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There’s an IT service management (ITSM) industry phrase that seems to get used every time something new and sexy is added to ITSM tools – “It’s not your grandfather’s IT service desk.” Notwithstanding the fact that there were no IT help desks, let alone service desks, in my grandfather’s day, it paints a picture of “olden-day” IT support as being an inferior version of what we have now. That new thinking, ways of working, and technology-delivered capabilities, and – more recently – consumerization have improved end-user-focused IT support from its 1980’s origins.
But let’s not throw the baby out with the bathwater as we strive to improve the IT service desk. Or perhaps we already have when it comes to one facet of “olden-day” IT support – the “walk-up” support channel.
As we add innovations like automation and self-service to our ITSM arsenals for improved customer experiences, cost-savings, and lighter service desk workloads, we have to ask ourselves: Are there improvements to be made to more traditional forms of support? This blog looks at the current use of walk-up support and whether IT departments are missing a big opportunity by overlooking one of the earliest IT support channels.
The latest HDI data – from its “2016 Technical Support Practices & Salary Report” – shows that half of support centers still formally offer a walk-up channel, third only to phone and email channels.
Channels Used to Contact Support
Source: HDI, “2016 Technical Support Practices & Salary Report”
However, the use of walk up by end users is disproportionately low, as shown in the Happy Signals data below, with only 1% of employee experience feedbacks related to the “walk-in” channel:
Source: Happy Signals
This data also shows the “walk-in” channel behind self-service and chat in terms of adoption volumes.
As to why this is, there are a number of potential reasons:
There are of course potentially other root causes, but it’s worth using the above Happy Signals diagram to query the last potential reason in the list – that end users might have had a bad experience with walk up.
It’s logical that if an end user has a bad experience with an IT-support channel, then they are highly unlikely to use it again. Instead using something that has worked well for them previously, such as the telephone channel.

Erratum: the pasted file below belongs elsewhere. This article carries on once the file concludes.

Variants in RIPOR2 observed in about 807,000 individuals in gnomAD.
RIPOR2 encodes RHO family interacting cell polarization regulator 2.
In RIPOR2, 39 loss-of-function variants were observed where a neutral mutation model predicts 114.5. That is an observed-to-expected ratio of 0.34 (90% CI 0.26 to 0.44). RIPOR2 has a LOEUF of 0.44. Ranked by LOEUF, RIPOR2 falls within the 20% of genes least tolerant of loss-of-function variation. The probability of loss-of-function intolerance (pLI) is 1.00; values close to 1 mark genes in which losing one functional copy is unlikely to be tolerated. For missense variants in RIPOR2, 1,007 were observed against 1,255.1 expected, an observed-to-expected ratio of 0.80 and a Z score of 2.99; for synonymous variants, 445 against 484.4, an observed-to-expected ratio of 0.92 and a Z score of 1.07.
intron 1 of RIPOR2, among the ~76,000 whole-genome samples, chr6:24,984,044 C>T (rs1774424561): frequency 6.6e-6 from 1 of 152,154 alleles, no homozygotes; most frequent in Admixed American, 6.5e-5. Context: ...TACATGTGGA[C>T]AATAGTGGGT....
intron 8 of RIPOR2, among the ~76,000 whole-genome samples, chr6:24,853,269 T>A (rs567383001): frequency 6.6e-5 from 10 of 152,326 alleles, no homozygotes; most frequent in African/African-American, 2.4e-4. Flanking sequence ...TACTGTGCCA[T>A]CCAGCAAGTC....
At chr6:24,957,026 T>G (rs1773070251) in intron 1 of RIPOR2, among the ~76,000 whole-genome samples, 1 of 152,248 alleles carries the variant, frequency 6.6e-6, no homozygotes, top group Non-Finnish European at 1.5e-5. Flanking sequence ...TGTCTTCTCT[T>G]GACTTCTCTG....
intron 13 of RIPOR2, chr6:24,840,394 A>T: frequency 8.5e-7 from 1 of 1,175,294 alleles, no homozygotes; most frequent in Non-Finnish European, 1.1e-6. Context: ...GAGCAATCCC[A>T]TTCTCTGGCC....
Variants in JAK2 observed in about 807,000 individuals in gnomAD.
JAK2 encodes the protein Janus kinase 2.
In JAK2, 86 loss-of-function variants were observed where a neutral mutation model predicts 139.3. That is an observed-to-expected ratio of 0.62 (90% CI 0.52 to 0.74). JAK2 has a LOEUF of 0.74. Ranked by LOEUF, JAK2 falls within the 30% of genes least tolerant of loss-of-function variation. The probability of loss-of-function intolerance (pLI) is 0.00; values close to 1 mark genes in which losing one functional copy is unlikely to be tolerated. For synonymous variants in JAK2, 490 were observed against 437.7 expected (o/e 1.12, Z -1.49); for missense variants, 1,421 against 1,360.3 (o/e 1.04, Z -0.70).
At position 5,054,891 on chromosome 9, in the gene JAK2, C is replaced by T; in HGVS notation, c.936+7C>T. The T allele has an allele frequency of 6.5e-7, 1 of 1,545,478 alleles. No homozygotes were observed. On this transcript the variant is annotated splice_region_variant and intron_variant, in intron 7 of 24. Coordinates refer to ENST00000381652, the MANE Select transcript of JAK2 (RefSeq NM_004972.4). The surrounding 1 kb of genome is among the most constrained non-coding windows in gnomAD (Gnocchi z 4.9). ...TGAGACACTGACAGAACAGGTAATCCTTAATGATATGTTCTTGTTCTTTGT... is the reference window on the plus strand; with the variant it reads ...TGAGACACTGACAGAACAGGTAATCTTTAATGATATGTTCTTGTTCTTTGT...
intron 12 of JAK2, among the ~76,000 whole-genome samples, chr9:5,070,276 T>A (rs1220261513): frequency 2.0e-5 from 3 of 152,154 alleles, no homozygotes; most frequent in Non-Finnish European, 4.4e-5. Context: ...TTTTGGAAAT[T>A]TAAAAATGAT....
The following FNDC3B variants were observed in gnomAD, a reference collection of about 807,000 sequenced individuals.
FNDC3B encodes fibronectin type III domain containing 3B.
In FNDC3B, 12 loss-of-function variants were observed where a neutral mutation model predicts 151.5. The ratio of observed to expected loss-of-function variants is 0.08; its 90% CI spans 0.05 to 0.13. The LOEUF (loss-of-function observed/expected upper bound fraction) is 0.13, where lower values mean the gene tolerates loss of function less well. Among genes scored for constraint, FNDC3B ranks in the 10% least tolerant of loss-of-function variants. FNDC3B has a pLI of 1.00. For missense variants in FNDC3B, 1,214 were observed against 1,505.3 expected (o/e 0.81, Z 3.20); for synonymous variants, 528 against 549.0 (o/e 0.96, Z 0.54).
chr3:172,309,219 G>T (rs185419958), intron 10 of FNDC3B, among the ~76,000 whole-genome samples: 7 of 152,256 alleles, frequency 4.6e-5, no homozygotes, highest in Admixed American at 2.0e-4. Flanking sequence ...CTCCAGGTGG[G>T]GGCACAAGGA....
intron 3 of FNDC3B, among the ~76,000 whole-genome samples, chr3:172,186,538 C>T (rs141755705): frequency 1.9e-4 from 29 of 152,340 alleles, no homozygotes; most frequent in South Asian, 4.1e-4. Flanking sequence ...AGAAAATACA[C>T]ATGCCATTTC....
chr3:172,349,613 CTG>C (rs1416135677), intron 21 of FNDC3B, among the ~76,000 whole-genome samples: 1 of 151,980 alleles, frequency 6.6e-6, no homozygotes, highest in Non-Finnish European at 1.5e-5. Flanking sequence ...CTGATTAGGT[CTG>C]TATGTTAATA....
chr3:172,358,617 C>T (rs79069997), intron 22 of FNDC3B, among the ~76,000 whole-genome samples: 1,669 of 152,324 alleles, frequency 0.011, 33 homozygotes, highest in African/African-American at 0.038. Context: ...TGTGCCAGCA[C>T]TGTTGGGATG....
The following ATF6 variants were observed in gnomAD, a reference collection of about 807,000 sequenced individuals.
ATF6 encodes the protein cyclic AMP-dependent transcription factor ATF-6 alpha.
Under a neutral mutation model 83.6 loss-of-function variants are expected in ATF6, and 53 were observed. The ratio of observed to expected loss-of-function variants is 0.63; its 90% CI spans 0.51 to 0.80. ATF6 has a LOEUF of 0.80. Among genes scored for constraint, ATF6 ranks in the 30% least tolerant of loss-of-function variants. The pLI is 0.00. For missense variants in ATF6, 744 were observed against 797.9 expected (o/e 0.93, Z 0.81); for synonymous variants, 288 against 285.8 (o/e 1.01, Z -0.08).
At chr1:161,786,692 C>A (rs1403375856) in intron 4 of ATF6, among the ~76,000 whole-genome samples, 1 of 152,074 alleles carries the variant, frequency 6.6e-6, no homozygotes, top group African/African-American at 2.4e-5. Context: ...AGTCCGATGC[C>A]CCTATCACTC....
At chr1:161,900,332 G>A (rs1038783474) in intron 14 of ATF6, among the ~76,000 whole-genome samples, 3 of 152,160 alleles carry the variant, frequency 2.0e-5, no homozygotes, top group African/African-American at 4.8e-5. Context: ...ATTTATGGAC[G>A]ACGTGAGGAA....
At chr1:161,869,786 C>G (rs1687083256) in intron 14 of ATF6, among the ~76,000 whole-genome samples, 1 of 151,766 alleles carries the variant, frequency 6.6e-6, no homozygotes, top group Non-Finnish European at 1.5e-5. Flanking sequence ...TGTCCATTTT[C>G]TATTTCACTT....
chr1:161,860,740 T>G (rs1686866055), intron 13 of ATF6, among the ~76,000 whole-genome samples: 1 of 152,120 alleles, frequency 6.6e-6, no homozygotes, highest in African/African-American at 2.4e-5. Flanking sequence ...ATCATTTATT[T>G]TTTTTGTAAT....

However, according to the Happy Signals’ data above, this isn’t the case with walk up; with “walk in” having the best employee experience feedback of all the listed IT support channels:
So, we have a paradox – walk up is commonly offered, infrequently used, but delivers by far the best employee experience. It just doesn’t make sense if it’s being given equal attention as an available IT-support channel.
While walk up might feel like an olden-day IT service desk channel – with it since superseded by email, self-service, chat, social media, and peer-to-peer support mechanisms – it’s definitely not “dead in the water.”
First, there’s Apple’s growing reliance on walk up via its in-store Genius Bars that seem to cater for more and more people. Then, there’s the recent Gartner Hype Cycle for ITSM, 2017 – which includes Walk-Up Support in the “Peak of Inflated Expectations.”
Hype Cycle for ITSM, 2017, Gartner
Source: Gartner Hype Cycle for ITSM, 2017, Rich Doheny, 19 July 2017
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The Gartner report also calls out some of the potential reasons for the low uptake of walk up:
All of which are valid. But ultimately, walk up needs to be considered as something new, and hopefully reimagined, to truly be successful. And, in addition to dealing with the above three issues, there needs to be:
So, is it time to augment your traditional service desk support and look at the walk-up opportunity within your organization? If you already offer the channel, then are you making the most of it? If you don’t, then perhaps you should give it a try – your end-users might love you more for it.
Benoit Tessier, EasyVista Director of Product Marketing, is an IT veteran with 20+ years of professional IT Service Management experience. He has extensive knowledge on process implementation and technical integrations, and has presented at ITSM conferences around the world. In this role, he helps lead the marketing direction and strategic vision for EasyVista’s services and solutions.